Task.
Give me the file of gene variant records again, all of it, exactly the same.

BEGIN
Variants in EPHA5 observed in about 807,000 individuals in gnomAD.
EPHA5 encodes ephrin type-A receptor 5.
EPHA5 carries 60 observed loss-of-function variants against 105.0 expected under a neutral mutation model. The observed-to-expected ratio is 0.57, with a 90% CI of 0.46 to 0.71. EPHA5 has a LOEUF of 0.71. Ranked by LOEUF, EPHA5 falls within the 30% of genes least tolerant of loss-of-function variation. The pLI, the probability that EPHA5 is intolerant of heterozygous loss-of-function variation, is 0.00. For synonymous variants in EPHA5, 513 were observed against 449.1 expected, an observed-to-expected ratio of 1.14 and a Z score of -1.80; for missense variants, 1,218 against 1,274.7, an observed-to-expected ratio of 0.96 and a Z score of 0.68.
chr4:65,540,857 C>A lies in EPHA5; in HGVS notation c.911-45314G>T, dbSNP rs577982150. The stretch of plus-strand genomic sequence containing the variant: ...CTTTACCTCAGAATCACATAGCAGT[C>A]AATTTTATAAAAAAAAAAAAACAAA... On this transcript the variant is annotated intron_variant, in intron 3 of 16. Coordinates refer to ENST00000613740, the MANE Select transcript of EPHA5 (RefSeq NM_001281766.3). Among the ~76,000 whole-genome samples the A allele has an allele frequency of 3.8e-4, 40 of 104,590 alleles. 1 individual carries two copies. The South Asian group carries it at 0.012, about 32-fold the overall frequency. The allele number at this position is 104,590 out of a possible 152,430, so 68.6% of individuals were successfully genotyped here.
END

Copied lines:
Variants in EPHA5 observed in about 807,000 individuals in gnomAD.
EPHA5 encodes ephrin type-A receptor 5.
EPHA5 carries 60 observed loss-of-function variants against 105.0 expected under a neutral mutation model. The observed-to-expected ratio is 0.57, with a 90% CI of 0.46 to 0.71. EPHA5 has a LOEUF of 0.71. Ranked by LOEUF, EPHA5 falls within the 30% of genes least tolerant of loss-of-function variation. The pLI, the probability that EPHA5 is intolerant of heterozygous loss-of-function variation, is 0.00. For synonymous variants in EPHA5, 513 were observed against 449.1 expected, an observed-to-expected ratio of 1.14 and a Z score of -1.80; for missense variants, 1,218 against 1,274.7, an observed-to-expected ratio of 0.96 and a Z score of 0.68.
chr4:65,540,857 C>A lies in EPHA5; in HGVS notation c.911-45314G>T, dbSNP rs577982150. The stretch of plus-strand genomic sequence containing the variant: ...CTTTACCTCAGAATCACATAGCAGT[C>A]AATTTTATAAAAAAAAAAAAACAAA... On this transcript the variant is annotated intron_variant, in intron 3 of 16. Coordinates refer to ENST00000613740, the MANE Select transcript of EPHA5 (RefSeq NM_001281766.3). Among the ~76,000 whole-genome samples the A allele has an allele frequency of 3.8e-4, 40 of 104,590 alleles. 1 individual carries two copies. The South Asian group carries it at 0.012, about 32-fold the overall frequency. The allele number at this position is 104,590 out of a possible 152,430, so 68.6% of individuals were successfully genotyped here.